These runs seem to come round quickly, after the Southdowns Way I was a tad battered, I had cankles and my back was in bits, luckily after a weeks rest all was pretty normal again.

I had opted to drive to my brothers abode in Darlington and from there an early train into Haltwhistle. With kit degrading over the months, I purchased a new summer running top with UV protection built in, the adventure pack needed some adjustment and new straps were added to the existing one to stop them pinching at my collar bone.

We had a slight hot spell and the weather promised to keep settled for my next park. The night before a BBQ and beer provided the pre event fuel and an early night.

As usual sleep was difficult before hand with periodic waking, I tucked into some porridge and a brew before leaving to catch the first train into Haltwhistle.

The journey was a simple affair passing by Durham and Newcastle, arriving at my destination a little after 9am. I threaded my way through the quiet little town, got lost a little and then found my footpath.OLYMPUS DIGITAL CAMERA

The route threaded its way through secluded woodlands and fields with grass higher than my waist, before joining a sleepy country back road I was soon crossing the boundary of park 9. I wandered slowly through a field as cows eyed me intently, they stood stead fast as I moved carefully by, their eyes following me all the way through.
Milecastle 42 stood as a reminder to a more violent time, a gateway to another world, it was a great place to commence my next adventure. I stood for a short time and watched Hadrian’s wall walkers wander past, it seemed odd to start where other walkers were as often im alone at the start. Milecastles were small stone structures set at a Roman mile and there were some 84 along the way. Its not hard to see the correlation with today goings on, a wall, a people scared of another race, restricted migration, it seems the world really hasn’t changed a great deal.


From here I entered into a new world, Cawfield Crags stood imposingly behind me as I headed North merging from fields of grassland to moorland and bogs, I hit my first theoretical path of the journey, the name I’ve now coined for the imaginary green dotted lines on OS maps, which when stood on the ground were mearly figments of some mad office cartographers mind at the OS head quarters.

A couple of mountains bikers rode by on fat bikes (these are mountain bikes with tyres on steroids), their frames laden with the comforts of their own adventure, I passed the comment that they had come the easy way via the road whilst I had opted to trod across open boggy farm land, It was already hot and entering Henshaw Common I was glad of the periodical shade the forest offered.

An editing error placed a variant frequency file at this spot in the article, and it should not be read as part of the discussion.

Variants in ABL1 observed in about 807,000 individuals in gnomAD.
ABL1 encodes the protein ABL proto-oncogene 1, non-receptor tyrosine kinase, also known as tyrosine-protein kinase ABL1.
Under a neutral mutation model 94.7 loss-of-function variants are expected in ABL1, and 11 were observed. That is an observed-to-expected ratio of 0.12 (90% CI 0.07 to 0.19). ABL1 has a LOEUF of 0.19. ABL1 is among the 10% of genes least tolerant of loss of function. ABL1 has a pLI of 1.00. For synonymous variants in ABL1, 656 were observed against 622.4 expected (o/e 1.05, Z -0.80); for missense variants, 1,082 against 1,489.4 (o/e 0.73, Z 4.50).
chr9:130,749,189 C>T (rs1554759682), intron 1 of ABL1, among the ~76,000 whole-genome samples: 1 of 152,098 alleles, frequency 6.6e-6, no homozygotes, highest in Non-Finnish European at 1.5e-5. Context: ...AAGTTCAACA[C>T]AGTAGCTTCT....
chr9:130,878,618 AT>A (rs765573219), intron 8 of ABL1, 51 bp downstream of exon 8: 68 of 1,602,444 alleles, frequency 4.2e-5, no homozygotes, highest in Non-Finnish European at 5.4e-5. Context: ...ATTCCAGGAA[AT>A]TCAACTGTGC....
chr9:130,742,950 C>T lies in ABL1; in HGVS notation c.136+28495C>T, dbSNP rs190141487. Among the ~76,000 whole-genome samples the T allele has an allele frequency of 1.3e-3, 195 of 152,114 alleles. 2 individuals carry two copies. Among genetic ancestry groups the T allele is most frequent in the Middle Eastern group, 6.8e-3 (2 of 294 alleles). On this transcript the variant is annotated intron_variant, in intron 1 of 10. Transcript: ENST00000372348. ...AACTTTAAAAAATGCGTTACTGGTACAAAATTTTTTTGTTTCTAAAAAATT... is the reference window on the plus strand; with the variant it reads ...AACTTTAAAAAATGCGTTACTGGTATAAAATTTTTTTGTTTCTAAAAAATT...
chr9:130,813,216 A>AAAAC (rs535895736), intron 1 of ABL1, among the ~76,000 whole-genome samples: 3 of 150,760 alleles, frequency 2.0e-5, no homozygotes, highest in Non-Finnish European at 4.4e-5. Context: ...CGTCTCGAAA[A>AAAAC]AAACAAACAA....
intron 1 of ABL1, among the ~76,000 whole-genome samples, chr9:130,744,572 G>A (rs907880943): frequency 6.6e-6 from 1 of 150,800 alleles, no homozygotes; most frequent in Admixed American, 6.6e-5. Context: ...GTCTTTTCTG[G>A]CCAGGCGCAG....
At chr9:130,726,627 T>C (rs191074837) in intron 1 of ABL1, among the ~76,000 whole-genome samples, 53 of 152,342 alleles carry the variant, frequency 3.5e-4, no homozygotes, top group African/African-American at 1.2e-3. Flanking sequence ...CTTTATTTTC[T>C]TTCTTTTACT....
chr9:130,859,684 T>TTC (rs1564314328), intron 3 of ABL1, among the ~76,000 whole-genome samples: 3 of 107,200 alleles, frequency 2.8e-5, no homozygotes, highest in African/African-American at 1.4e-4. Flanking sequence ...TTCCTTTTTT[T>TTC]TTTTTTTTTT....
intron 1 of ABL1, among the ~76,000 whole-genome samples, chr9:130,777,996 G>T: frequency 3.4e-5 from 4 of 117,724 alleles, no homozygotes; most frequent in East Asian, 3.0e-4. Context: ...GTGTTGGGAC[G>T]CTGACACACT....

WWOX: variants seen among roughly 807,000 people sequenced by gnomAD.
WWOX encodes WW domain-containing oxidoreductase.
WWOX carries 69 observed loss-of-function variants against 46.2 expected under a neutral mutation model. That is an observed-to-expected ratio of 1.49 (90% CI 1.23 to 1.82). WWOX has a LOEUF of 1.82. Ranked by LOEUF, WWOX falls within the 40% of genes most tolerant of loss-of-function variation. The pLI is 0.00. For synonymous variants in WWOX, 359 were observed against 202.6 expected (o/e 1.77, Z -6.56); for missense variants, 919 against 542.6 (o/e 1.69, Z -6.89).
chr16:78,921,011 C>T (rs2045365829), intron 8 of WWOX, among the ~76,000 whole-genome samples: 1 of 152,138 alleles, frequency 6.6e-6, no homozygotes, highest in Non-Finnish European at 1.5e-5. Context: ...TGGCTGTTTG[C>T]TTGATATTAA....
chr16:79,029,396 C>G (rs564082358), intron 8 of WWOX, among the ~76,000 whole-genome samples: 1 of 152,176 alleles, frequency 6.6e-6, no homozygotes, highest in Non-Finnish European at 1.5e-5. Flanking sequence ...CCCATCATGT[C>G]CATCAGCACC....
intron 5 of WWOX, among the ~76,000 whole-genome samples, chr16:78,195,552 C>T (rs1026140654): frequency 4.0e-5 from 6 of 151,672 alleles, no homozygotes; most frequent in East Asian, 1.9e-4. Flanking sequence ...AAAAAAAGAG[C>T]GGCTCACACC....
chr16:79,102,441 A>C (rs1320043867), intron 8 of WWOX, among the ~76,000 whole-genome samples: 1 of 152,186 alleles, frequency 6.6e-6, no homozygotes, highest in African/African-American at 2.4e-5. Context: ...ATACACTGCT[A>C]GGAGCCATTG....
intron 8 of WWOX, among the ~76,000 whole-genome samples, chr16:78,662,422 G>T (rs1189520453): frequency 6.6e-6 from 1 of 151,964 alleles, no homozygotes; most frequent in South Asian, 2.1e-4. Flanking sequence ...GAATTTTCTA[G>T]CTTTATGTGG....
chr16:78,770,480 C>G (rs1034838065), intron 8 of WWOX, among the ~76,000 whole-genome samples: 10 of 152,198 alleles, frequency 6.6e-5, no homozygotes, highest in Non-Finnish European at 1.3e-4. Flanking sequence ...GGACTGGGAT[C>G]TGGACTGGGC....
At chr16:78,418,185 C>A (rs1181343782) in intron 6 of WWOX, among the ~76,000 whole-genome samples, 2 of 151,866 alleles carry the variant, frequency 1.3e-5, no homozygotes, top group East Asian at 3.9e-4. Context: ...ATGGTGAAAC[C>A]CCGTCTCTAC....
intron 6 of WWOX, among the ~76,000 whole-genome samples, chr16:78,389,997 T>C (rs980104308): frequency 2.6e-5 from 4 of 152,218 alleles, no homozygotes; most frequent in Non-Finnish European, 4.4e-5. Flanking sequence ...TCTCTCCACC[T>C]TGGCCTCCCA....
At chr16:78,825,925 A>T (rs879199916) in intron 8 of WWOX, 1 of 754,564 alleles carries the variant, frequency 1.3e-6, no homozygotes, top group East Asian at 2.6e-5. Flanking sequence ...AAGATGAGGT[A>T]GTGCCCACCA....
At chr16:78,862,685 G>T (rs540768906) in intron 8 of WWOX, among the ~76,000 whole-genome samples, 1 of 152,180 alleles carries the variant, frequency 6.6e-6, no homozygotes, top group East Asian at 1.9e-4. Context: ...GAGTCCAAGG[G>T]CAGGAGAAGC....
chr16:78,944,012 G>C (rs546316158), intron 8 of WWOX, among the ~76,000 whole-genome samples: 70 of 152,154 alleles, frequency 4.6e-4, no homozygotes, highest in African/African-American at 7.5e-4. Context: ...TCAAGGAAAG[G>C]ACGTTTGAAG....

I usually enjoy the forests, but after miles and miles of the same type of hard forestry track you enter a kind of ground hog day, it becomes a little disorientating and in a way boring, coupled with tracks that were no longer tracks and instead took on nothing more than rough ground I was glad when I emerged from the forest and into the more open landscape of Whygate farm, I took a brief water break by a small stream, wildflowers adorned the banks and swallows swooped low over the water catching their lunch.


Again the paths began to disappear forcing me to cut around the main road a short distance before I was again entering the dense and extensive pine forests of Kielder.

I began following the lines laid out on the OS map but it was quickly apparent they did not exist on the ground, underfoot became a rough boggy scramble through long forgotten routes, the area sang with bird song and the buzzing of the various bugs all heightened by the distinct lack of man made noises. I carried on, dodging broken branches and downed trees as I emerged onto open farmland again before making my way down towards a small river my map indicating a bridge, but as I came to the entrance it was clear that this bridge would not be crossed.


I laughed and tentatively probed its rickety frame with my foot, boards were missing from its base and the whole thing listed uneasily to the right. It reminded me of a scene from an Indiana Jones movie where our hero only just makes it across before the whole thing collapsed into a gorge full of crocodiles.
I crossed using some rocks and stood atop Dally Castle, with photos took, I set off again crossing simple fields and then a rather fancy foot suspension bridge that effortlessly spanned the River Tyne. The bridge at first bounced and then swayed as I crossed, a little unnerved I took a little stop and waited for the bridge movement to subside somewhat, but I was happy to see water below. The temperature now was easily in the mid 20s and despite my Gump cap I was slowly boiling from the inside.
A short section of road, followed by a sharp up hill and then wading through shoulder height bracken I emerged onto camp 1.DSC_0020

Slaty Ford burbled in the stillness of its brook as I consumed water to rehydrate and doused my head with the cooling liquid. The midge began to arrive and so I set about erecting my tent in a small flat area.

As I was inflating my matt a voice rang out from behind, I was a little surprised to see a lady wandering with a full backpack in my direction, we had a brief chat and she reported being slightly off course due to theoretical paths. I offered some navigation advice and off she trotted.
I was surprise to learn that her direction of Howick was some distance to the NorthEast having set off from Newcastle.

I ate and drank, before just laying in the quiet, the midge surrounding me on all side baying for my tasty blood, it was that dramatic šŸ˜‚.

Published by bimblingmike

a hiker, a runner and bearded man

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